Source: The Evolution of Topic Modeling

A decisive turning point was the introduction of Word2Veca particularly powerful embedding method that was implemented, for example, for word suggestions in Google search. This was followed by several attempts to combine different techniques in order to solve more complex use cases. Embeddings in conjunction with topic models stand out here in particular. The The birth of the Transformer could not completely rationalize Topic Modeling, but led to shared use - for example with BERT.

part 2 of topic model evolution
Source: The Evolution of Topic Modeling

The reason for the continued use of classic techniques is that innovations were primarily geared towards new, unstructured formats and use cases. The first application scenarios such as literature analysis or the processing of simple documents still exist. Successful approaches such as LDA and LSI are still comparatively easy to use and at the same time combine modern techniques with the classic virtues of semantic and matrix analysis.

Areas of application

Uses Cases of Topic Modeling

In line with the evolution described above, a differentiation of possible use cases for topic modeling has taken place. Analyzing documents with regard to the topic they contain can open up impressive opportunities in almost any industry, but some of them are particularly striking:

Research

Scientific methods such as content analysis are still very much in demand in university research, for example in communication or other social sciences. Here, topic models can be used to evaluate the media discourse on a specific topic, for example, by identifying other related topics. This approach is also useful in the medical field: Yale researchers Porturas and Taylor (2021) analyzed over 47,000 articles from 40 years of emergency medicine using topic models. This enabled them to determine that the topic of risk factors, for example, has appeared significantly more frequently over time - basic research, on the other hand, has decreased.

Customer communication

Successful companies are committed to their customer relations management, take suggestions and feedback seriously and respond promptly. However, it can sometimes be challenging to sift through and organize the flood of incoming messages. The Classification is a typical case of topic modeling and enables the differentiation of error messages, data changes or general questions, for example, based on the topics contained. On this basis, the messages can be processed specifically by the relevant departments. Another use case is the reading of customer surveys.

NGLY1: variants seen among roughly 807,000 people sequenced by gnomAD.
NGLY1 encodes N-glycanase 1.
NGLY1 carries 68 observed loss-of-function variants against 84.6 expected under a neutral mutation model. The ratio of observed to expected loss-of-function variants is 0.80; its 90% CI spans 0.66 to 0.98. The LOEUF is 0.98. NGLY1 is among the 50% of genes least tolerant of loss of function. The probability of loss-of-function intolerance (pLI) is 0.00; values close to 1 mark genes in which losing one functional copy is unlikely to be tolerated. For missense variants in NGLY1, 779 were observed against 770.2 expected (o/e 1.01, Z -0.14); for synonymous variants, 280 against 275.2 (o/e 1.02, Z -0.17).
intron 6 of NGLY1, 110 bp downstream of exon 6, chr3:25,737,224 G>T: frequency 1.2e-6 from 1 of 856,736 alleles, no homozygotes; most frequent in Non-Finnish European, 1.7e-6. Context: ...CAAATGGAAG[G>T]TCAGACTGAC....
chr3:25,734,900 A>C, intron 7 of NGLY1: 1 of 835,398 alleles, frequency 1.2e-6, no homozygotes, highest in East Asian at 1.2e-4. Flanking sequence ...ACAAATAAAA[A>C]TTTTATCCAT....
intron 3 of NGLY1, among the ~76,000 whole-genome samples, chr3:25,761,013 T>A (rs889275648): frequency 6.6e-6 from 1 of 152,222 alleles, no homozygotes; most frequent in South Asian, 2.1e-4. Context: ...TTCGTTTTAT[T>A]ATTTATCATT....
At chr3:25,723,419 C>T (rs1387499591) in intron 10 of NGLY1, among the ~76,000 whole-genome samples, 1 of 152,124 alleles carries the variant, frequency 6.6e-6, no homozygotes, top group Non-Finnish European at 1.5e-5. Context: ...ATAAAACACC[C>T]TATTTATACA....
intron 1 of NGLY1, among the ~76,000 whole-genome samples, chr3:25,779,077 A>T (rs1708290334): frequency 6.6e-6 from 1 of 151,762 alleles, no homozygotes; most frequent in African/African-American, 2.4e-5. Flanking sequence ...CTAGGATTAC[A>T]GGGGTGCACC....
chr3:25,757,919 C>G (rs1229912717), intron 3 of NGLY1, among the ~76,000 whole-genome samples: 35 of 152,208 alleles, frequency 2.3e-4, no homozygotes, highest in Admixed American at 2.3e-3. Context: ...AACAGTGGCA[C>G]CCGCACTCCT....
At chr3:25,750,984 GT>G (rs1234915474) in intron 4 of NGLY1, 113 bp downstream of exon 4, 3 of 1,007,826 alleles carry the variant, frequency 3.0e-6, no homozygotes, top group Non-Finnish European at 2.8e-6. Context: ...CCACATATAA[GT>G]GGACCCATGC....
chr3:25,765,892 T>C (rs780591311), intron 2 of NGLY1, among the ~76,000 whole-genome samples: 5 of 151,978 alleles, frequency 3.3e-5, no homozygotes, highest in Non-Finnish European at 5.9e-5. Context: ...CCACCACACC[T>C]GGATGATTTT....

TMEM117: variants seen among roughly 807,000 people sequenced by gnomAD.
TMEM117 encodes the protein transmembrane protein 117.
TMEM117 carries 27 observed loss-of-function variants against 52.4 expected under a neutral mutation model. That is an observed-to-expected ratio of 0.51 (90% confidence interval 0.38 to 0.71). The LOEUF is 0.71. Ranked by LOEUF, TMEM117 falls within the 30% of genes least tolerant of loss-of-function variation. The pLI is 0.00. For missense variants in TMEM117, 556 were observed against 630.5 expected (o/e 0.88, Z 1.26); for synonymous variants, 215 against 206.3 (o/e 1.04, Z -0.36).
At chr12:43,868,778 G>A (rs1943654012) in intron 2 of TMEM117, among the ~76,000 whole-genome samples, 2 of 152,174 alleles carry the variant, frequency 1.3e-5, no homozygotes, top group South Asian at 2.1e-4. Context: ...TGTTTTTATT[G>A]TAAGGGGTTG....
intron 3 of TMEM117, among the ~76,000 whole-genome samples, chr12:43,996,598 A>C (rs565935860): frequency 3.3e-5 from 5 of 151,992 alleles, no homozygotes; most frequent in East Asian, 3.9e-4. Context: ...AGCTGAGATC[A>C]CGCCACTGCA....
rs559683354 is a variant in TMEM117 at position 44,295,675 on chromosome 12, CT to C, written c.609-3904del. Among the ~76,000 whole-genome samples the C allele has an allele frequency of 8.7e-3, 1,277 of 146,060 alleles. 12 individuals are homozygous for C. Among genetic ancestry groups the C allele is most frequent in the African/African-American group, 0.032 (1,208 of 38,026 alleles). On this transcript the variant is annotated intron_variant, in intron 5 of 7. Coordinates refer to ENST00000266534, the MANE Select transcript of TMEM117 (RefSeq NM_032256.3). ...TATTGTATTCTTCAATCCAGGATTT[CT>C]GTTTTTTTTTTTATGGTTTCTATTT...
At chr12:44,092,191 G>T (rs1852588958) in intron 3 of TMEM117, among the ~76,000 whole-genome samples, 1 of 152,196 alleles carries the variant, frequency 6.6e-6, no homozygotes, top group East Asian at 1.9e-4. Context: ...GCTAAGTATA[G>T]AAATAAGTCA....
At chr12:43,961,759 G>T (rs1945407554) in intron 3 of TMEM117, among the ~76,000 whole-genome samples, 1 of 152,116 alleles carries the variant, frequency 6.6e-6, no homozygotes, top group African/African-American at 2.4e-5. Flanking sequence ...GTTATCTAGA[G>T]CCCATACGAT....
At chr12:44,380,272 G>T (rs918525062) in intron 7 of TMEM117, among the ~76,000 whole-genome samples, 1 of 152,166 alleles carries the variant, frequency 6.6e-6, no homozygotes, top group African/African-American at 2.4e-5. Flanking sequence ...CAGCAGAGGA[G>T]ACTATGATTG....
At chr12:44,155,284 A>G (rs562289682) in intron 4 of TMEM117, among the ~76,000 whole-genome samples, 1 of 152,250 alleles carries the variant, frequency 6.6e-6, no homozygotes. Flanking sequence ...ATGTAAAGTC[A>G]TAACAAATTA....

Business intelligence

In many other business areas, text also has a special value as a data format - in transactional and narrative documents, including reports, presentations, contracts and offers. Every frequently recurring topic and related words can have a certain trend function that is relevant for forecasts and business decisions. In this sense, topic models form an important basis for data analysis by identifying and classifying relevant text corpora. For detailed investigations, however, the extended use of artificial intelligence is indispensable today given the high process complexity and the mixing of many unstructured formats.

Advanced AI approaches

In order to be able to process text fully and automatically, further steps are required in the process chain before and after the possible use of topic models. This primarily concerns the generation and further processing of data. Konfuzio is the name of the AI-based document software that provides a remedy here.

Optical character recognition (OCR)

The digitization of previously analogue processes means that text is often available in optical formats such as PDF. In this form, the words it contains cannot be captured by a topic model. Konfuzio uses high-precision OCR to convert the content of documents into machine-readable formats. A web-based interface then takes the data to the desired location for further processing - for example, a development environment for topic modeling.

Natural Language Processing (NLP)

If you want to process identified topics in detail, you can no longer avoid advanced NLP and modern models based on the Transformer architecture. This enables Konfuzio to index and understand even complex content. This enables sophisticated analyses with a high level of data control within a multicloud infrastructure. In principle, the use of topic models can also be completely replaced by Konfuzio's NLP approaches in many cases. For individual extraction pipelines based on Python, there is also a Software Development Kit ready.

Document chat

Users often also contribute their own ideas and search for suitable answers in their documents. An integrated chat interface enables user queries within familiar working environments (e.g. Office), which are answered by a language model based on all uploaded information. This even reveals implicit connections that are not based on explicit word combinations. In this way, topics are picked up that neither the person nor the topic model previously knew exactly how to name.

More information

Conclusion

Topic modeling is still a relevant method of machine learning today because automated topic output can solve a variety of language processing tasks. Since in most cases only semantics or the co-occurrence of words is taken into account, it is a comparatively simple and effective technique. Classic forms such as Latent Semantic Indexing (LSI) are still relevant today for suitable use cases. Due to advancing digitalization and the increase in online formats, various further developments have taken place. Combinations with modern language models are now also possible. However, topic models quickly reach their limits in complex business environments. Here, it is advisable to rely on more powerful AI software as a supplement or alternative.